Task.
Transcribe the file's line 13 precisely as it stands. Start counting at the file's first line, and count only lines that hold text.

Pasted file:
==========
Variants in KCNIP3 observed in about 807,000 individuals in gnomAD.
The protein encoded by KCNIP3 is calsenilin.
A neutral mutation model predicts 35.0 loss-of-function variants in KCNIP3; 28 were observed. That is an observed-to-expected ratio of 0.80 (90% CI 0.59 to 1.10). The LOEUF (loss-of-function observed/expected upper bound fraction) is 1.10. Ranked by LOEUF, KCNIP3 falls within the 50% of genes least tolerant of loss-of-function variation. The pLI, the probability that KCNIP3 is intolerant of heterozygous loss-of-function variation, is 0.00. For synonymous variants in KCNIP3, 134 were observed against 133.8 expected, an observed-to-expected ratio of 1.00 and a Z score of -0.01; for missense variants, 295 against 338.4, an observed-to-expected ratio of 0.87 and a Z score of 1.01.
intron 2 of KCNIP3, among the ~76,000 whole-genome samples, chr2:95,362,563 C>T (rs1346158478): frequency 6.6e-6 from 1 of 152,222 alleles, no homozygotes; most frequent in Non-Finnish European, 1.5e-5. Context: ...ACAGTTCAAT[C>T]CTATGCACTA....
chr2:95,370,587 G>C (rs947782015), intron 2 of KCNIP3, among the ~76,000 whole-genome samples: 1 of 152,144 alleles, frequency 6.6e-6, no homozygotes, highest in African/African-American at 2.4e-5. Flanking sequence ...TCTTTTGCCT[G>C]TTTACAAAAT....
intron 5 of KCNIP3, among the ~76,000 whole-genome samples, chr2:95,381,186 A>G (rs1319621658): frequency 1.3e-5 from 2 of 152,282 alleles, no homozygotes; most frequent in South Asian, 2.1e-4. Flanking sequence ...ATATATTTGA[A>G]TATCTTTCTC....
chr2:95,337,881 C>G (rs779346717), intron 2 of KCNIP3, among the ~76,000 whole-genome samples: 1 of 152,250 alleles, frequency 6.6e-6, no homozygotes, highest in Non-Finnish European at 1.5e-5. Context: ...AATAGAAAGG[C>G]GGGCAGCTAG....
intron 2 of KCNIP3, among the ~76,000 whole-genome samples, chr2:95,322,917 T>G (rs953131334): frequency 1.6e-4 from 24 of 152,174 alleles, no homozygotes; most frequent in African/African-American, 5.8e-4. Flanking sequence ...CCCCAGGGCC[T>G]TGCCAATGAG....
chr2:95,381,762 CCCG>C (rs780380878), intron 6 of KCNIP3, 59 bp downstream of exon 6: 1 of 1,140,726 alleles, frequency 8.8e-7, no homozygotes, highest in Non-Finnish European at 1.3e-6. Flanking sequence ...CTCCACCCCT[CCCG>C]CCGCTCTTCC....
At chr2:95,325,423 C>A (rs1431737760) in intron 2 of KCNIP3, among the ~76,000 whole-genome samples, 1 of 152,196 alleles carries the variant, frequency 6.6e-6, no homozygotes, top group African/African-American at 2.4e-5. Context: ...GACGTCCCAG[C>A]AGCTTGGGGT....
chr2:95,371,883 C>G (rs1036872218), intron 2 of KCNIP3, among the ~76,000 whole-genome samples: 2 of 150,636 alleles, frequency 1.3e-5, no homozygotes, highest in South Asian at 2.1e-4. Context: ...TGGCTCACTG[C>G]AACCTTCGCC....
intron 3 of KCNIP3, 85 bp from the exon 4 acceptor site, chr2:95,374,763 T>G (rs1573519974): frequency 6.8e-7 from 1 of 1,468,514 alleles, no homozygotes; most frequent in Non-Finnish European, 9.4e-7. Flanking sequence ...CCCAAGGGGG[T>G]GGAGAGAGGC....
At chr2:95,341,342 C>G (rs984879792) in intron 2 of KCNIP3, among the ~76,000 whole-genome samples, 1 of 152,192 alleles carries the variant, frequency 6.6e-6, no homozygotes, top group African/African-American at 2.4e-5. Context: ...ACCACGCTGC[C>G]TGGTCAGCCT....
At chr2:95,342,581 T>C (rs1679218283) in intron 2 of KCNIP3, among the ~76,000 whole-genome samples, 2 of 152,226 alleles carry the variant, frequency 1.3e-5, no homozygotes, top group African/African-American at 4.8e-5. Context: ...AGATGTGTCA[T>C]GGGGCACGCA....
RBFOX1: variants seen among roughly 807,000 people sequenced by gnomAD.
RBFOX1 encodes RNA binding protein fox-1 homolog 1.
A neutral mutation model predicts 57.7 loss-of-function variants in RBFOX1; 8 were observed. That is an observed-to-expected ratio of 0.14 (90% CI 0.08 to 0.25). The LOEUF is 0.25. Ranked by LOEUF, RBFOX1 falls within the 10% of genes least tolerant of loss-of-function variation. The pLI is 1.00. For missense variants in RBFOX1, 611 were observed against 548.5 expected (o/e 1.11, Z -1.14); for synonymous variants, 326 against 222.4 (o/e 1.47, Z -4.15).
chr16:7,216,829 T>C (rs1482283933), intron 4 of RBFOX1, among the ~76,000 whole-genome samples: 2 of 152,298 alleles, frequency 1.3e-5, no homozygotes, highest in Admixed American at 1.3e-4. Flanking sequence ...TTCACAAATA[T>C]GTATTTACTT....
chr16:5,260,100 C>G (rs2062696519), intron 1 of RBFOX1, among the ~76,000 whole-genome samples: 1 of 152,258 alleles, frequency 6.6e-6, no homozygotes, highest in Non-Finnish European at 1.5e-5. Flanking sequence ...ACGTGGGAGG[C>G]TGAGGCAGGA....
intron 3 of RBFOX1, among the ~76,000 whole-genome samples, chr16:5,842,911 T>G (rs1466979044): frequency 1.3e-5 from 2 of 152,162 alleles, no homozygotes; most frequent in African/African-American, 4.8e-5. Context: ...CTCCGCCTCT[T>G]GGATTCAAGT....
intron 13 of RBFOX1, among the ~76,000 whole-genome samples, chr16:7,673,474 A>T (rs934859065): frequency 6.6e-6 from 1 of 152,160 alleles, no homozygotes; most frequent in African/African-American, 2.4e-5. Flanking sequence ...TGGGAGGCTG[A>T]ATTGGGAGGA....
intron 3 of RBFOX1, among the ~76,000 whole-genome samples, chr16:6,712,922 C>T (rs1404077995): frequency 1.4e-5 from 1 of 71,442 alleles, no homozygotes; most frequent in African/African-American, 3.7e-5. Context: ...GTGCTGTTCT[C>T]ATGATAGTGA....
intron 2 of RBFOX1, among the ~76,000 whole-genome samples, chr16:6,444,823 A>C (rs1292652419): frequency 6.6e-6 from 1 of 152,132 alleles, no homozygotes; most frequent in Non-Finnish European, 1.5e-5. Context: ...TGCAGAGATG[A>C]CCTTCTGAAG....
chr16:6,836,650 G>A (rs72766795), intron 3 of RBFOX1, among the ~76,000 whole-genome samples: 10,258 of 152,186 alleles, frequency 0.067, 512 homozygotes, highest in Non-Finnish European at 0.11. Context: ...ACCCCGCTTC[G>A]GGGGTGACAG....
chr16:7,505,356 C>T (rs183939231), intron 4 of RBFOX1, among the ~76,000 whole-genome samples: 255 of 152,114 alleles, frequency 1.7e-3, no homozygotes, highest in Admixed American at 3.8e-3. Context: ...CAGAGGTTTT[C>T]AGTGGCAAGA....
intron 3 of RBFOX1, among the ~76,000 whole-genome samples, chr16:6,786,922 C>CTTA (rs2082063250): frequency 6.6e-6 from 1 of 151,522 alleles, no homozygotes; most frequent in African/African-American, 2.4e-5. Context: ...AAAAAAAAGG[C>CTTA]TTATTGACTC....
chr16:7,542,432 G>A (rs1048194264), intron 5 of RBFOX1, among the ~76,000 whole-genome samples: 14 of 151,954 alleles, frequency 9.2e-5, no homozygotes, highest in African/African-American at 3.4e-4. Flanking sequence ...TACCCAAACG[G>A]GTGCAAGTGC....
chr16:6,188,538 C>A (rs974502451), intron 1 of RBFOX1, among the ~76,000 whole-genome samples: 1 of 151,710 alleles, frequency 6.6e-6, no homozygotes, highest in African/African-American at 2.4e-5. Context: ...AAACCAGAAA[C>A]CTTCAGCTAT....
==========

At chr2:95,341,342 C>G (rs984879792) in intron 2 of KCNIP3, among the ~76,000 whole-genome samples, 1 of 152,192 alleles carries the variant, frequency 6.6e-6, no homozygotes, top group African/African-American at 2.4e-5. Context: ...ACCACGCTGC[C>G]TGGTCAGCCT....